Parenting ‘Off-Piste’


Definition: ‘off-piste’ Pronounced [awf-peest] -adverb, adjective on an unprepared, trackless area e.g. 1) Skiing : away from regular ski runs: off-piste skiing, 2) Parenting : making it up as you go along : off-piste parenting

I give talks to parents on how to help Raise up Teenagers at schools around Australia and I start each talk by asking the audience to raise their hands if they parent differently to how they were parented, 1/2 to 3/4 of the room raise their hands (some people wouldn’t raise their hands if they were offered $1M dollars) In parenting, the prepared path is to parent the way we were parented because there is some familiarity with it and it is easier than going off-piste but most parents are not doing that. Why? Because the primary style of parenting has been highly authoritarian parenting which is essentially focused on the domination and control of children. There are well documented studies that have conclusively demonstrated the toxic downsides to that style of parenting which I will go into in future blogs.

Not only are parents off-piste (and yes, unfortunately some are off pissed too) but at times we do not even have the references for where the ski field is because the world is so different to 30 years ago (or so) when we did our on the job training by being children. So as parents we are off-piste and in a snow storm, very difficult conditions. Most of us are also trying to do it on our own because the input from Uncles, aunties and grandparents has largely disappeared from our busy fractured disconnected world and the advice from some grandparents can also be more critical than helpful because we are doing it differently.

So let’s take the most important and most difficult job in the world, the one job that shapes the next generation more than any other job on the planet and take away intergenerational support, make the cultural landscape almost unrecognisable from a generation ago, have parents choose to parent in a way in which they have little prior experience, add a generous helping of financial pressure and high social expectation and then act surprised when the rates of depression across the population reach crisis proportions and then do nothing about it except to drug the kids and blame the parents.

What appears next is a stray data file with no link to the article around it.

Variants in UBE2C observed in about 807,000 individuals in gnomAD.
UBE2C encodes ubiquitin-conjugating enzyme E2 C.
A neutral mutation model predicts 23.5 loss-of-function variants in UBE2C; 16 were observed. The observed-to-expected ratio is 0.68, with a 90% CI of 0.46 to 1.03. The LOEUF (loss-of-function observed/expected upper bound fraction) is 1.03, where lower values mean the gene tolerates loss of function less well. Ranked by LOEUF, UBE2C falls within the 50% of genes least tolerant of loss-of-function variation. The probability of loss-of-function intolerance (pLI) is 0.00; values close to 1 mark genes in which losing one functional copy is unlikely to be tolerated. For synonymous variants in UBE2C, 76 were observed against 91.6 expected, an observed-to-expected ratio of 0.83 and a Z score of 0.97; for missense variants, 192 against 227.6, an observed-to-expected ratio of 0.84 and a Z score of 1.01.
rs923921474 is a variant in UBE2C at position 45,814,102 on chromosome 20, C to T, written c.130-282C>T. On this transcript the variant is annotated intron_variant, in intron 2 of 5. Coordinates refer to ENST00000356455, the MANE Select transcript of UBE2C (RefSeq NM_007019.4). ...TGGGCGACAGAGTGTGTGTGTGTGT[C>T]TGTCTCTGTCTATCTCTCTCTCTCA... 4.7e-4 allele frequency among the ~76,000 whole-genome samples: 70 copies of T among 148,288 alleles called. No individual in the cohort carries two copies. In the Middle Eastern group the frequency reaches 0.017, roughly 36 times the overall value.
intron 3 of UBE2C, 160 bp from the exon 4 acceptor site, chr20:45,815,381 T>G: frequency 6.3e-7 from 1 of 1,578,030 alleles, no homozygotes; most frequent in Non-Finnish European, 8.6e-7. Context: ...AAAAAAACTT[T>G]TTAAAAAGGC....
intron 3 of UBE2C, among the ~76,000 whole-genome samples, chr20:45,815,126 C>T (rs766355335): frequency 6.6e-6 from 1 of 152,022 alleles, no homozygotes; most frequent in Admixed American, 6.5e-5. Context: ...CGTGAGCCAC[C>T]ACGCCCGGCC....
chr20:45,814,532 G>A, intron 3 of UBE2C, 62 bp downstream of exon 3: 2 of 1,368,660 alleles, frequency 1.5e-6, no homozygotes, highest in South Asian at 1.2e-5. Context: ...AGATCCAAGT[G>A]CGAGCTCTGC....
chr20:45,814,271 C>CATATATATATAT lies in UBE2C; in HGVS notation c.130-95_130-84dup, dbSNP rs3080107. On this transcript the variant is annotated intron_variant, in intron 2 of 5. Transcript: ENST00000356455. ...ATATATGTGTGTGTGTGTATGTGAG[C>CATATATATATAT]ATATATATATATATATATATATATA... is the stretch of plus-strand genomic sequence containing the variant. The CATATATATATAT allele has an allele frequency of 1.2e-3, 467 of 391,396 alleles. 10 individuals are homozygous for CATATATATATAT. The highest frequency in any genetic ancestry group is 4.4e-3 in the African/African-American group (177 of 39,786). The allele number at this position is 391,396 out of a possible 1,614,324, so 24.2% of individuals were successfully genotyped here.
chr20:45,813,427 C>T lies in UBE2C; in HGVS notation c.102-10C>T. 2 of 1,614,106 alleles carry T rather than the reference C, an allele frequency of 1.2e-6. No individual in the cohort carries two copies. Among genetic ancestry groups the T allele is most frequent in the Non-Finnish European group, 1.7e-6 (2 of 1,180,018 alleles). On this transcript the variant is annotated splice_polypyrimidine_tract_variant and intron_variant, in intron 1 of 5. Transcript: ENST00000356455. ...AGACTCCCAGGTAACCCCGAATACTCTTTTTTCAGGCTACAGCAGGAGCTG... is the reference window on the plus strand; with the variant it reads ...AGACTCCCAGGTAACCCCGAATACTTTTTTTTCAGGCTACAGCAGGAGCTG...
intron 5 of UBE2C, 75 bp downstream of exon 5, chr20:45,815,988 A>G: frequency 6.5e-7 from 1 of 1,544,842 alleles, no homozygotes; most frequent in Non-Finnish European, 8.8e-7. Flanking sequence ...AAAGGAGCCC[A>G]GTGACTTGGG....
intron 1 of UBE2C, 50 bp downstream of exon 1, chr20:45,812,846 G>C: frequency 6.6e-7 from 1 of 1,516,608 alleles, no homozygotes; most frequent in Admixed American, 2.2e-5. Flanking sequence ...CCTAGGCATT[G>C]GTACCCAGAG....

“Madness!” you would say, and rightly so, and yet that is what we have done. No wonder so many parents struggle and why so many children are not having their needs met. Parent education and support is critical to helping both parents and children. There were no mobile phones or internet or MMORP games or videos or DVD’s or cable when I was growing up. Advertising was banal compared to the sophisticated, relentless and unconscionable barrage of marketing that is allowed now. Of course the media affects our kids and us too if we watch it. Why else would advertisers spend billions on not just the ads themselves but also on the market research and psychiatrists that use the latest psychological and physiological research to influence as many people as possible. Advertising is designed to get a result and the means to this result are always justifiable even if increased body image anxiety in children is the consequence or if kids prefer fat, fast food to healthy food.

Our children’s minds are precious and whilst they are still developing it is our duty to protect them from media sponsored psychological abuse. In Sweden advertising to under 12yo is not allowed and so it should be here too. It is not OK to manipulate our children psychologically so they can nag their parents to buy something they don’t need so they can be momentarily happy or cool.

The great thing about being off-piste is that it can be an exhilarating ride. There is adventure and discovery around every bend and as parents we are blessed with children that can help us find joy and love in the simple things. We are going to make mistakes, fall over and sometimes take paths that initially look great but end in steep drops. It is how we clean up after mistakes, pick ourselves up when we fall over and take responsibility and learn from the paths that take us to unexpected places that will teach our children how to thrive in an ever changing world.

My children press my buttons. I have over time painstakingly taught them where each of those buttons are and the quickest way to press them. Every time I have my buttons pressed I am presented with the opportunity to grow, I don’t always like it, in fact rarely, if ever, OK I never like it but I am forced to think when it happens and look at my own stuff. Sure I have been successful in teaching other people where a few buttons are but there is something special about the way children push buttons.

As a parent I have been given entry to a club where I am presented with moments of such profound, deep, deep love and connection that are impossible to describe to a person that is not a parent. I can’t imagine not being a parent. I can’t imagine anything more important and I struggle at times but focusing on those indescribable moments help me rest my buttons, not always gracefully but I reset them because I do want to be the best parent I can be for my children and the best grandparent for their children should I be ever be blessed with grandchildren of my own.

To be the best parent I can be I need to learn from other parents, other parent educators because my wife and I are parenting “off-piste” there is no path and oh yeah, there are moments of white out too. Daniel’s Bog can be found at